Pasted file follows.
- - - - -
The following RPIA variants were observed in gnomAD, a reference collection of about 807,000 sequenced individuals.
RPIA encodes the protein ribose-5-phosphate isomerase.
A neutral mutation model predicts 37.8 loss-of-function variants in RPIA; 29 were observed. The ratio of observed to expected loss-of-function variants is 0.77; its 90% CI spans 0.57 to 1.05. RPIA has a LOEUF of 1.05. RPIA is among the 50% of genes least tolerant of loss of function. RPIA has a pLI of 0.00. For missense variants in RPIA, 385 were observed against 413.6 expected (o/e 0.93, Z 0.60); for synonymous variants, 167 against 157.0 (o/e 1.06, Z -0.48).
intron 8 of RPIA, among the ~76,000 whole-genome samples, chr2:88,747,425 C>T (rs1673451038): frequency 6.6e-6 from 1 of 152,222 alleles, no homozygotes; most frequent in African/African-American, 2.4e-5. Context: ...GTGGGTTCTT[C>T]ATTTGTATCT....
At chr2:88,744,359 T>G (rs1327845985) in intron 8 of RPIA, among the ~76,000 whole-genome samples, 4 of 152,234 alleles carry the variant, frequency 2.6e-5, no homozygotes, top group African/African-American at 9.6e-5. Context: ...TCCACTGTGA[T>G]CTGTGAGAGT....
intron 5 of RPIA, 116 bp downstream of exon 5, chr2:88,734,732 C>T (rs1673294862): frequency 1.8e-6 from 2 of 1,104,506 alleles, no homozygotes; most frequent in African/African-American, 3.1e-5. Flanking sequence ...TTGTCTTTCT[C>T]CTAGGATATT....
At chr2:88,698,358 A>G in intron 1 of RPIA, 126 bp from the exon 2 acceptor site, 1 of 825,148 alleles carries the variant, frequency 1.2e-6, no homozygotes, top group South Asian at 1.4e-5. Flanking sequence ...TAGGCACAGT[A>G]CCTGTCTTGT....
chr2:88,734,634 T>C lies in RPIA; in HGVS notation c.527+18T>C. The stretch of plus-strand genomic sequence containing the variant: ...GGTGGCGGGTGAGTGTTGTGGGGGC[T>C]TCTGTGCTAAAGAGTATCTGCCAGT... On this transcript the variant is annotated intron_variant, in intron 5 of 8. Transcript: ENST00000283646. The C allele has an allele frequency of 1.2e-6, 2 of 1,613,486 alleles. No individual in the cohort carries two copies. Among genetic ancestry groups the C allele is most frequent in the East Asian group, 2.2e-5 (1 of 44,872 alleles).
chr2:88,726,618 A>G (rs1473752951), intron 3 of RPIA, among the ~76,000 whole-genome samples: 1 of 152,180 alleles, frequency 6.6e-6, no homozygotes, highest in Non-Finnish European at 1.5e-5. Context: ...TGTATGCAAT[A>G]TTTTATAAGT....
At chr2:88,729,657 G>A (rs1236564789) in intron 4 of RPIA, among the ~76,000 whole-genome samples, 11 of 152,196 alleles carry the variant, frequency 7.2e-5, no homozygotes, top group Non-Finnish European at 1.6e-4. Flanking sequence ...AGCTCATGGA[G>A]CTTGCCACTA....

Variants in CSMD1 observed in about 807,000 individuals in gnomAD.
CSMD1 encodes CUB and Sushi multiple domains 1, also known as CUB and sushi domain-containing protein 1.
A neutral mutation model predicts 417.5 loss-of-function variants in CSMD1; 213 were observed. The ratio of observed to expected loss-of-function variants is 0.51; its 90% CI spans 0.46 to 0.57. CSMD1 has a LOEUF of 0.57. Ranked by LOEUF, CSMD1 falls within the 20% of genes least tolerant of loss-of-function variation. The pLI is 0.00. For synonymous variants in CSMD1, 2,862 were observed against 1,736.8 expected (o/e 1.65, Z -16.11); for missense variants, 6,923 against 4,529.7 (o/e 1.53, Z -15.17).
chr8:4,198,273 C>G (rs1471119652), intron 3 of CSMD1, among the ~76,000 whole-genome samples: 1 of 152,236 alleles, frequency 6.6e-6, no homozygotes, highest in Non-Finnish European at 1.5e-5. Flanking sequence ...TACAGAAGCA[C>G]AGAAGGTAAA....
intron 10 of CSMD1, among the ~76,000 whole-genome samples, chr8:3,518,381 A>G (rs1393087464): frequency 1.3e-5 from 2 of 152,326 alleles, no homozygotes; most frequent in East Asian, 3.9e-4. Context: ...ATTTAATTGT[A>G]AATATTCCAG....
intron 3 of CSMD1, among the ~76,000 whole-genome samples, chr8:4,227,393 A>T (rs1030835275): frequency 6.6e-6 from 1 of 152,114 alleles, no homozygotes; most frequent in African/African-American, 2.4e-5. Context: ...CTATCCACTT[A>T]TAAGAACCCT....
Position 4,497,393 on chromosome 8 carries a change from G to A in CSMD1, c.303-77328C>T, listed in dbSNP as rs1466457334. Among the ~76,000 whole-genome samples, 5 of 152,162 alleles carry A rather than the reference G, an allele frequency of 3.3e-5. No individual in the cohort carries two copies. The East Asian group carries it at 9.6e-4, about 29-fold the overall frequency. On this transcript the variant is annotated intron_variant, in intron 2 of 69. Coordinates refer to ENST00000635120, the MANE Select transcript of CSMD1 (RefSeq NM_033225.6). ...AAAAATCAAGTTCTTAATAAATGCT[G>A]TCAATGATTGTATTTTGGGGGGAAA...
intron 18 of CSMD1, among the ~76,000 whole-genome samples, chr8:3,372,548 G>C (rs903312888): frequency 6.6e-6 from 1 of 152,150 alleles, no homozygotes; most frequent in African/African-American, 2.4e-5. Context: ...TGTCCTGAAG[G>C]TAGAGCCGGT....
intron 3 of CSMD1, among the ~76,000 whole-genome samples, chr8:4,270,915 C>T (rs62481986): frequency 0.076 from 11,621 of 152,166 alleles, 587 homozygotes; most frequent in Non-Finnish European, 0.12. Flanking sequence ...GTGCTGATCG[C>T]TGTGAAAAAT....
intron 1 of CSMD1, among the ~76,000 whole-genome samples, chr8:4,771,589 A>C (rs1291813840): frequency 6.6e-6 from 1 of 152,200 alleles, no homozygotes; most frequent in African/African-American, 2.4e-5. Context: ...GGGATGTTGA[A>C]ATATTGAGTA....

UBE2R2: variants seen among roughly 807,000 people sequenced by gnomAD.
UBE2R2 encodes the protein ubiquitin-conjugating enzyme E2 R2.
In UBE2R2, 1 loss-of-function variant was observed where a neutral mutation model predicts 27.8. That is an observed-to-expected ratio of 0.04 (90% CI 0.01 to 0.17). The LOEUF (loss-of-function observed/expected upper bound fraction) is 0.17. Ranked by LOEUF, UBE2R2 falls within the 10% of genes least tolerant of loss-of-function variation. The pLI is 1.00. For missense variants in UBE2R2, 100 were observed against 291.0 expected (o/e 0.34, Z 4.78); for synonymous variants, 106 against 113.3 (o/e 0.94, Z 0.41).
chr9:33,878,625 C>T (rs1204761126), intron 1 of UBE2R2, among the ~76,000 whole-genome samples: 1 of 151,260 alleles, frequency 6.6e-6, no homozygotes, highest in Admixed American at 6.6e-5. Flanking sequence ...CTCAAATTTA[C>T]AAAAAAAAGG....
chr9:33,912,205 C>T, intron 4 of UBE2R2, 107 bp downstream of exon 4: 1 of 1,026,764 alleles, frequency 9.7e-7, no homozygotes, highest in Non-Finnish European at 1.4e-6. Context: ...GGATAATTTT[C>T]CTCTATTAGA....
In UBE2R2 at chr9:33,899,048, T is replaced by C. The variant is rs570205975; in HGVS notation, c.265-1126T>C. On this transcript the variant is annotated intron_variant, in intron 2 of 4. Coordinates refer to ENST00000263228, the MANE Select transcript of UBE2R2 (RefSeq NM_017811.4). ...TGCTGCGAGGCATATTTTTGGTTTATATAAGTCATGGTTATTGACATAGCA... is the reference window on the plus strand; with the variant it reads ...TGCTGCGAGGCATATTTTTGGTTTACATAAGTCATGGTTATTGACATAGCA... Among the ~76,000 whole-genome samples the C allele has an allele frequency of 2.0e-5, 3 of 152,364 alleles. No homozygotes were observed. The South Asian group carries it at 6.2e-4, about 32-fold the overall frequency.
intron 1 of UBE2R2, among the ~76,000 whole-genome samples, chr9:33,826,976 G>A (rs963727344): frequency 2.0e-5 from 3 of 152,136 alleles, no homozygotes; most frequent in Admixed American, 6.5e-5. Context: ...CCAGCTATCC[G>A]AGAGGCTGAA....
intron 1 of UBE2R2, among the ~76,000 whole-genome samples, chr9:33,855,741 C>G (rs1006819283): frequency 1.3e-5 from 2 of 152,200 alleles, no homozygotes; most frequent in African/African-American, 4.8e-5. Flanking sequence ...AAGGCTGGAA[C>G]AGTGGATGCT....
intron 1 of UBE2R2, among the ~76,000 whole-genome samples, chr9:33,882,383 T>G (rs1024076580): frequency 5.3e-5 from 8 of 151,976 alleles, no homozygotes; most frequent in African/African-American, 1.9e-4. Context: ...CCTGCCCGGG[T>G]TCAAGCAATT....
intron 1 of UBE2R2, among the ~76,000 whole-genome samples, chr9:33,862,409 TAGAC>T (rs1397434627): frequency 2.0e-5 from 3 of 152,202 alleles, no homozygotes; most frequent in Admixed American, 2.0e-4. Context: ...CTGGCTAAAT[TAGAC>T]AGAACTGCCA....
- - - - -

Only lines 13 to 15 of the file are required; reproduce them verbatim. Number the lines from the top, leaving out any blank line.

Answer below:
A neutral mutation model predicts 417.5 loss-of-function variants in CSMD1; 213 were observed. The ratio of observed to expected loss-of-function variants is 0.51; its 90% CI spans 0.46 to 0.57. CSMD1 has a LOEUF of 0.57. Ranked by LOEUF, CSMD1 falls within the 20% of genes least tolerant of loss-of-function variation. The pLI is 0.00. For synonymous variants in CSMD1, 2,862 were observed against 1,736.8 expected (o/e 1.65, Z -16.11); for missense variants, 6,923 against 4,529.7 (o/e 1.53, Z -15.17).
chr8:4,198,273 C>G (rs1471119652), intron 3 of CSMD1, among the ~76,000 whole-genome samples: 1 of 152,236 alleles, frequency 6.6e-6, no homozygotes, highest in Non-Finnish European at 1.5e-5. Flanking sequence ...TACAGAAGCA[C>G]AGAAGGTAAA....
intron 10 of CSMD1, among the ~76,000 whole-genome samples, chr8:3,518,381 A>G (rs1393087464): frequency 1.3e-5 from 2 of 152,326 alleles, no homozygotes; most frequent in East Asian, 3.9e-4. Context: ...ATTTAATTGT[A>G]AATATTCCAG....